Global Azure Bootcamp – Aftermath

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It’s been almost a month now since the last edition of Global Azure Bootcamp, and I wanted to share with you some of the details of my involvement in this years edition. This year, we had two labs in which you could participate: a racing and a science lab. And I helped out with some aspects behind the workings of the science lab: the Elasticsearch cluster and the dashboard website.

For this lab, all you had to do was to deploy a cloud service to Azure and scale it up to as many instances as you could spare. These instances would then crunch a lot of data concerning breast cancer research. After the results from your cloud instances were uploaded, they would eventually end up in the Elasticsearch cluster.


This cluster was running on three D11 Azure Virtual Machines (2 cores, 14 GB RAM), so we had one master node and two children, each of them maintaining a full set of the data shards and copies for faster querying and redundancy. At the time, we had no real clue about the amount of data that would end up in this cluster, so we decided to store the data on a separate 200 GB disk (one for each virtual machine). We could easily attach more storage later on if that would’ve been necessary.

Lab Dashboard

The dashboard site was created using ASP.NET MVC, a tiny bit of Knockout and the charts were made using the awesome Chart.js library. Initially I tried using D3, but that would’ve cost me a lot more time to get used to. Chart.js really was a lifesaver here considering the time frame in which the dashboard site has been created.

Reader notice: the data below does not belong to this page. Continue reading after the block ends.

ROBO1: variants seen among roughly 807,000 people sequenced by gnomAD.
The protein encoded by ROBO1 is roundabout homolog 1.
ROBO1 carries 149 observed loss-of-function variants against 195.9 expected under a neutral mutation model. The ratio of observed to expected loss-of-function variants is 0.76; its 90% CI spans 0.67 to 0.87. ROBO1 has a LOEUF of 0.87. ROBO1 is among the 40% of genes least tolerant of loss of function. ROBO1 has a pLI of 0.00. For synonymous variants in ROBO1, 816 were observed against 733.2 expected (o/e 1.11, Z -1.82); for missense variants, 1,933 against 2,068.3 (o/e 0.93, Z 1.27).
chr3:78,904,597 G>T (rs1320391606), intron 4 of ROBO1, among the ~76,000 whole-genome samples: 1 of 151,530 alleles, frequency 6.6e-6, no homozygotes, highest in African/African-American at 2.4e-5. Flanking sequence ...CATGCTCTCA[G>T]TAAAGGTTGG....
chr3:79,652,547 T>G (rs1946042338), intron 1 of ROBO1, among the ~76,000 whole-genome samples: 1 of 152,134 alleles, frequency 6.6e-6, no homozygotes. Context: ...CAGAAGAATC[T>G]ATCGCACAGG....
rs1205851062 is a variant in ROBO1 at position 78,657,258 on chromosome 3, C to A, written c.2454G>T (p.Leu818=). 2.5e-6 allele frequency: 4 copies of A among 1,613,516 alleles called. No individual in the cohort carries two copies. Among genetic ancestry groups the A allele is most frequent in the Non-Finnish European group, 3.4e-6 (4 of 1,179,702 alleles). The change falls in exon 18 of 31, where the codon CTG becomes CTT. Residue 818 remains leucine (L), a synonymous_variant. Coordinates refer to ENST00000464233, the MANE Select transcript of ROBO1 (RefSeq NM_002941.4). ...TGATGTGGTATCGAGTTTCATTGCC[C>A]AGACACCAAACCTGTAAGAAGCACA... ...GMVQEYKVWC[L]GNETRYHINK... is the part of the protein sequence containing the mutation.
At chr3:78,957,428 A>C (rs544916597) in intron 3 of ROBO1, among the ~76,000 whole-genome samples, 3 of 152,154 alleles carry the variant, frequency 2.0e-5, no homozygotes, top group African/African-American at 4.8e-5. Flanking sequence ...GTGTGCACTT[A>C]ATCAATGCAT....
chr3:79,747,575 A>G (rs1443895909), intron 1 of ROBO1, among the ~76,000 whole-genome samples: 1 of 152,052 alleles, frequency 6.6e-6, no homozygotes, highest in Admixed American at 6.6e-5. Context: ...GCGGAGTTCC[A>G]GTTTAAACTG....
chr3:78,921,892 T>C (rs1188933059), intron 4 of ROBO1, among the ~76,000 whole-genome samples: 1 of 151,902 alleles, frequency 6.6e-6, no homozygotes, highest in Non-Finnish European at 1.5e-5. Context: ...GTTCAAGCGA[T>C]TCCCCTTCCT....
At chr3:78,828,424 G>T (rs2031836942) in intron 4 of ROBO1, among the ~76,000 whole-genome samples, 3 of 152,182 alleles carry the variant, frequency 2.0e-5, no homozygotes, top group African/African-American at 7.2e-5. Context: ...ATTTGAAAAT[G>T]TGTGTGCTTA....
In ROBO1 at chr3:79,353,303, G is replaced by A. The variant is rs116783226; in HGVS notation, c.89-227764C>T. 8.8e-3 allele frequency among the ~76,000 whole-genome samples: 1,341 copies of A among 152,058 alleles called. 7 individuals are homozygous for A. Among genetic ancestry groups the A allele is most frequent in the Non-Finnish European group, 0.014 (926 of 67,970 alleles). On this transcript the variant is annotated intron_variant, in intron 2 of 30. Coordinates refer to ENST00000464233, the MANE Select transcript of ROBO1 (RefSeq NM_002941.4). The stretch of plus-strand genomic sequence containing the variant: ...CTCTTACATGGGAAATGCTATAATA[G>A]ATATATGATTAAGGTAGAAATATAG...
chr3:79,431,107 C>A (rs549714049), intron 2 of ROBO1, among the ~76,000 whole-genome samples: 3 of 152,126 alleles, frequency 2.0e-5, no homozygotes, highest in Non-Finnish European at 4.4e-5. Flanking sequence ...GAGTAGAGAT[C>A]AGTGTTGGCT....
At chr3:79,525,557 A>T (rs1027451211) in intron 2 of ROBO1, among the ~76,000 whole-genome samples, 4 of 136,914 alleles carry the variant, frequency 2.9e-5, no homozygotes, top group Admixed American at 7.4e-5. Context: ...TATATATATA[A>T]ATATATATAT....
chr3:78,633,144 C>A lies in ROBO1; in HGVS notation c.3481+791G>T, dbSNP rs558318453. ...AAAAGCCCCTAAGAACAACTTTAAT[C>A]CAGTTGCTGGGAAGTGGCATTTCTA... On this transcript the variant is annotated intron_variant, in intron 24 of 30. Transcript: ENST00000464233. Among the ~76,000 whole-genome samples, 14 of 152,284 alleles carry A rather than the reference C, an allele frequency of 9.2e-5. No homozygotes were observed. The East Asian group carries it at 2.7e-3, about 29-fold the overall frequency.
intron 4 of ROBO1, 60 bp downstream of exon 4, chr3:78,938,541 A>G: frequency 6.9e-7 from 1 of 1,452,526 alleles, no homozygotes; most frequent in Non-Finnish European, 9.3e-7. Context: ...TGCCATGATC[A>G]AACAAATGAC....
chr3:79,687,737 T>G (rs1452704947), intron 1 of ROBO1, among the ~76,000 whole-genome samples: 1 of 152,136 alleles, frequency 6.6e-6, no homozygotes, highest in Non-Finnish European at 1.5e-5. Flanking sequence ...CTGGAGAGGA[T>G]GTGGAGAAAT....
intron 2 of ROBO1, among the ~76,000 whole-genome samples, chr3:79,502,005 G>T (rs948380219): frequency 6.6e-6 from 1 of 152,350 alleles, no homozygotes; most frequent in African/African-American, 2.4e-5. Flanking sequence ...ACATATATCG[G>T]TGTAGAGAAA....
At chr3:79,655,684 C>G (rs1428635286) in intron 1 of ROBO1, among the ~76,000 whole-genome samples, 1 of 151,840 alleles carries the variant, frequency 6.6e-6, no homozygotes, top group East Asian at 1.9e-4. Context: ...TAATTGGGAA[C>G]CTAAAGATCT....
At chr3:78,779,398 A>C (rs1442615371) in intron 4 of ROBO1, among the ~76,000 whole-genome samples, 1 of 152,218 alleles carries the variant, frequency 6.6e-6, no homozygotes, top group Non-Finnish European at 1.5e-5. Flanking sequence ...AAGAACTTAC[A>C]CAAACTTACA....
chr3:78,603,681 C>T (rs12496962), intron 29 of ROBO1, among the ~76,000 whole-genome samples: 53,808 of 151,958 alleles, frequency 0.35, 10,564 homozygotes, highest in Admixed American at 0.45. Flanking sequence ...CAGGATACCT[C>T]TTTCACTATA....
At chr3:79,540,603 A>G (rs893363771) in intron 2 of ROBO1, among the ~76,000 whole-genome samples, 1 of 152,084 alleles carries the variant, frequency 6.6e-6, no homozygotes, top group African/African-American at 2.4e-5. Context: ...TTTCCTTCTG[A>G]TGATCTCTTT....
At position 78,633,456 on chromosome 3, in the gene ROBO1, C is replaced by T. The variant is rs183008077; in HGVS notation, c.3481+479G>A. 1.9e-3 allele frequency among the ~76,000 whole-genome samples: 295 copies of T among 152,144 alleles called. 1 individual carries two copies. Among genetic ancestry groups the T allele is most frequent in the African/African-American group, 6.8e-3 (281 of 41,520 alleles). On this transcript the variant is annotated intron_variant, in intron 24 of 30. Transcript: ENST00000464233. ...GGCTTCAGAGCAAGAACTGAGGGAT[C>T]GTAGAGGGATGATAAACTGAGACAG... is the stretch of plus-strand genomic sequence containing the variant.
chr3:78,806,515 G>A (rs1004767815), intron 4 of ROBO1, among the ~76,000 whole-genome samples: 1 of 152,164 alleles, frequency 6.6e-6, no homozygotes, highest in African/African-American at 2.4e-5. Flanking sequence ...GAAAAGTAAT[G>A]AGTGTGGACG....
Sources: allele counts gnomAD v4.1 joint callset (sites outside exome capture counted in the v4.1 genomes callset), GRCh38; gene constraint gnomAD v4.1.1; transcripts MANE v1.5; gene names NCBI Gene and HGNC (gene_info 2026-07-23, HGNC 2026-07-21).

We all love statistics, don’t we 🙂
First of all, the cluster: running on three D11-sized virtual machines. In the end, the Elasticsearch nodes each held 5.378.542 documents, that’s over 5 million updates that each of your cloud instances have sent to us when they finished working on a piece of research! And that data ended up taking only 959 MB of disk space. Meanwhile, the cluster nodes were only using about 4 GB of their available RAM, and no swap at all (because they were running on Ubuntu, but you didn’t get that information from me 😉 ).

The dashboard was running as a Web App on two Standard S2 instances (2 cores and 3.5 GB of RAM per instance) and didn’t have any issues considering load whatsoever (*).

In the end, these services were running for three to four days and ended up costing only 41,99 € for the Elasticsearch cluster and 27,70 € for the web app, including all extra costs like storage and bandwidth.

Azure sure is an awesome platform 🙂


* There was an issue though with data caching, which I didn’t manage to pin down: some charts/numbers appeared to be difficult to load, unless you refreshed the page several times, giving the dashboard the chance to fetch previously loaded data from its cache. This was especially the case on the main page, which displayed the top 10 charts and the metrics page, which showed some totals (number of participating countries, locations, attendees, etc.).